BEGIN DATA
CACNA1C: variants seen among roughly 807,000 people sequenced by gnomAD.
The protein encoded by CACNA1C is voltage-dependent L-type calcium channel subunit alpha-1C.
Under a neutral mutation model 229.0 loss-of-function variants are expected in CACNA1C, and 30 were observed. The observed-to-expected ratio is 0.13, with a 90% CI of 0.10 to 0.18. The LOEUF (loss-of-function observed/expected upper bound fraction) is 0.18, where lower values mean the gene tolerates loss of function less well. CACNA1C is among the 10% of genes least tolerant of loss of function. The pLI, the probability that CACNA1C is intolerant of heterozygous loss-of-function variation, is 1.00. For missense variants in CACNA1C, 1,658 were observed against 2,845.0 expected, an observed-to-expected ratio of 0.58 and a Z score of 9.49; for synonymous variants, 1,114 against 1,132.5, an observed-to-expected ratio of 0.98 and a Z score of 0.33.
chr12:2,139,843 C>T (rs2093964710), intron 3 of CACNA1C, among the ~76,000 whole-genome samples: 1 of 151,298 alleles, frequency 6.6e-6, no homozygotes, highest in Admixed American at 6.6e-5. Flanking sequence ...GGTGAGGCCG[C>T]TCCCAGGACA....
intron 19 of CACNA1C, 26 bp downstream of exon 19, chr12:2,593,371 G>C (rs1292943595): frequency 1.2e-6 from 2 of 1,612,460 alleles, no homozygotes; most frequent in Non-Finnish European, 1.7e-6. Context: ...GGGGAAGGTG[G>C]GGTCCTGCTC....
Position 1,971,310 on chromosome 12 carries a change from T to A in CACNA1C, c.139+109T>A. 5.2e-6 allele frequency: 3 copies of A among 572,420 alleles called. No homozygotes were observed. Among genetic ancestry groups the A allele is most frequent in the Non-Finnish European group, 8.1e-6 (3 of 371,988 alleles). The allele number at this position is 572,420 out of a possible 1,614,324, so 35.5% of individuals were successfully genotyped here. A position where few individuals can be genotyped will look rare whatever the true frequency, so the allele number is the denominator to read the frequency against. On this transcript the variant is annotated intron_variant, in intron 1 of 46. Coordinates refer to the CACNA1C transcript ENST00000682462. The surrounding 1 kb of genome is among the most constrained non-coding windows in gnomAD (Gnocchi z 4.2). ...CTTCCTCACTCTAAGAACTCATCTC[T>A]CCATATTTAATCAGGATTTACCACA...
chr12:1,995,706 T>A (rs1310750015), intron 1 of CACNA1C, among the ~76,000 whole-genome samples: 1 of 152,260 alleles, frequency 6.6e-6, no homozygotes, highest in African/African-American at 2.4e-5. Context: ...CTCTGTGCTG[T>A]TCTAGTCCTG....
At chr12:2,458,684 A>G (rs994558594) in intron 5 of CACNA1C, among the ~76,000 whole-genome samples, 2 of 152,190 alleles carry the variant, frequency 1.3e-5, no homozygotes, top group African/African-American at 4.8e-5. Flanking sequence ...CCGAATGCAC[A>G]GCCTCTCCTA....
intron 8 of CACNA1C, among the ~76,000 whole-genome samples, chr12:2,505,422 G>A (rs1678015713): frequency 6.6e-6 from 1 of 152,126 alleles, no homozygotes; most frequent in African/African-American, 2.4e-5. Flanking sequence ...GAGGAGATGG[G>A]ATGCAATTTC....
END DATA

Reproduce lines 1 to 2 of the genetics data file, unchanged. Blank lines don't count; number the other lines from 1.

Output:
CACNA1C: variants seen among roughly 807,000 people sequenced by gnomAD.
The protein encoded by CACNA1C is voltage-dependent L-type calcium channel subunit alpha-1C.